Accuracy of Peripheral Thermometers for Estimating Temperature

@article{Niven2015AccuracyOP,
  title={Accuracy of Peripheral Thermometers for Estimating Temperature},
  author={D. Niven and J. Gaudet and K. Laupland and K. Mrklas and D. Roberts and H. Stelfox},
  journal={Annals of Internal Medicine},
  year={2015},
  volume={163},
  pages={768-777}
}
Abnormalities in body temperature (that is, fever and hypothermia) are common (14). Such abnormalities are components of diagnostic criteria for certain disorders (58), influence clinical management decisions (9, 10), and are associated with increased mortality in certain patient populations (11, 12). For most adult and pediatric populations, fever is defined as a body temperature of 38.0C or higher (1315); this definition can vary according to certain patient characteristics (for example… Expand
Assessment and Evaluation of Body Temperature
TLDR
Although today there is a general acceptance of body temperature as a range rather than a fixed temperature, the 1871 definitions of normal body temperature and fever still are considered the world-wide norm. Expand
Ingestible sensors correlate closely with peripheral temperature measurements in febrile patients
TLDR
Ingestible capsule measurements are reliable enough to adequately estimate the core body temperature in clinical practice and offer new opportunities for future research into fever during infectious diseases. Expand
Accuracy of zero-heat-flux thermometry and bladder temperature measurement in critically ill patients
TLDR
The results for zero-heat-flux and bladder temperatures were virtually identical within about a tenth of a degree, although TZHF tended to underestimate TBlood, therefore either is suitable for clinical use. Expand
Temporal artery temperature measurements versus bladder temperature in critically ill patients, a prospective observational study
TLDR
The TAT is not sufficient for clinical practice in critically ill adults, and subgroup analysis showed that when patients were receiving intravenous norepinephrine, the measurements of the test method deviated more from the reference method. Expand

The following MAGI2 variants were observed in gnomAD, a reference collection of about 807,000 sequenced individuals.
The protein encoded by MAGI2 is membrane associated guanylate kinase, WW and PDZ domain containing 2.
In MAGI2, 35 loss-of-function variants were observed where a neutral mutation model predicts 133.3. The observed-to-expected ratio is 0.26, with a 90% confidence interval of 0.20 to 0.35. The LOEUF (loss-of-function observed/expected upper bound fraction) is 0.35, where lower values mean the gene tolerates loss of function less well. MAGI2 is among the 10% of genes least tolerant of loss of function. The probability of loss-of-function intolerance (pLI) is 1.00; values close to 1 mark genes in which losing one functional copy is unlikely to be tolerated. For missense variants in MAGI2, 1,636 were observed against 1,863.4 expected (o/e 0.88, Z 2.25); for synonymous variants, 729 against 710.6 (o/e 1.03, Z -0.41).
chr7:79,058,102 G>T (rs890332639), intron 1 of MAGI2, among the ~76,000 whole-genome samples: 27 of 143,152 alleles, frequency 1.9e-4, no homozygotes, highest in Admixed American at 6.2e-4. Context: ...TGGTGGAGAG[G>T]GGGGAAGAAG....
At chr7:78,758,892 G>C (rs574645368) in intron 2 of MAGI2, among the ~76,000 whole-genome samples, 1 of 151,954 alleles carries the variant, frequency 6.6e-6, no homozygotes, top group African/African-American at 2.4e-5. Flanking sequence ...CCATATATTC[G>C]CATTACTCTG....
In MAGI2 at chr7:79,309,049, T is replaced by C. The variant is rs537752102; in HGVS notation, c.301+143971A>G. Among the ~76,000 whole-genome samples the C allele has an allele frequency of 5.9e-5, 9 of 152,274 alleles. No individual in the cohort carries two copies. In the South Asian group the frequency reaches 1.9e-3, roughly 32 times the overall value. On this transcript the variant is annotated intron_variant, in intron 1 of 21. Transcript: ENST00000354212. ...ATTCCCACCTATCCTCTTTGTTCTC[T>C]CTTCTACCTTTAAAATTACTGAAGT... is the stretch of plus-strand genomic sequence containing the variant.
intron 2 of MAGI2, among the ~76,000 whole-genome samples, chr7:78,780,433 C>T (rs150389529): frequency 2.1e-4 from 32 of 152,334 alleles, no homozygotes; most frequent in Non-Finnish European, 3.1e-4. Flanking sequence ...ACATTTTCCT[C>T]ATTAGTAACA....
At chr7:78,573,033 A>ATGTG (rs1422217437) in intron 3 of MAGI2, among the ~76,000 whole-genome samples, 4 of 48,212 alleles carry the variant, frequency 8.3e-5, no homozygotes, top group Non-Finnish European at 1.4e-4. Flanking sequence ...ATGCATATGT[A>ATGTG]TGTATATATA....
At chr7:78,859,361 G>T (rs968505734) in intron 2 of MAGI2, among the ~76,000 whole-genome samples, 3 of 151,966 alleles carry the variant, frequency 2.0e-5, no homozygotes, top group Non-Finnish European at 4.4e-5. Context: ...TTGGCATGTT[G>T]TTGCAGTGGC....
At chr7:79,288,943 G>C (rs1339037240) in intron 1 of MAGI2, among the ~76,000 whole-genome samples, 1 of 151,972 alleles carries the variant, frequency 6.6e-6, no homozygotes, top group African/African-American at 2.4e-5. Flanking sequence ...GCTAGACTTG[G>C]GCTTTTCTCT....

Comparison of rectal and tympanic membrane temperature in healthy exercising dogs
TLDR
The aim of the study was to determine if TMT diverged from RT following exercise in healthy dogs, and if the same divergence occurs in dogs, TMT may not be suitable for use when monitoring the temperature of canine athletes. Expand
Common body temperature sites provide invalid measures of body core temperature in hyperthermic humans wearing American football uniforms
TLDR
TAXL, TFHD, TEAR, and TORL should not be used to diagnose or monitor American football players with EHS. Expand
Measurement of Body Temperature
The accuracy of body temperature measurement is particularly important in the following situations: fever in neutropenic children with cancer is frequently caused by bacterial infection, which isExpand
Performance of Temporal Artery Temperature Measurement in Ruling Out Fever: Implications for COVID-19 Screening
TLDR
This work sought to determine the real-world test performance of TATs for fever rule-out by utilizing a large electronic dataset of emergency department encounters for whom universal temperature screening was conducted, and determined TAT sensitivities and specificities across a range of temperatures. Expand
The diagnostic accuracy of digital, infrared and mercury-in-glass thermometers in measuring body temperature: a systematic review and network meta-analysis
TLDR
Several peripheral thermometers proved specific, but not sensitive for diagnosing fever with rectal mercury-in-glass or digital thermometry as a reference standard, meaning that finding a temperature below 38 °C does not rule out fever. Expand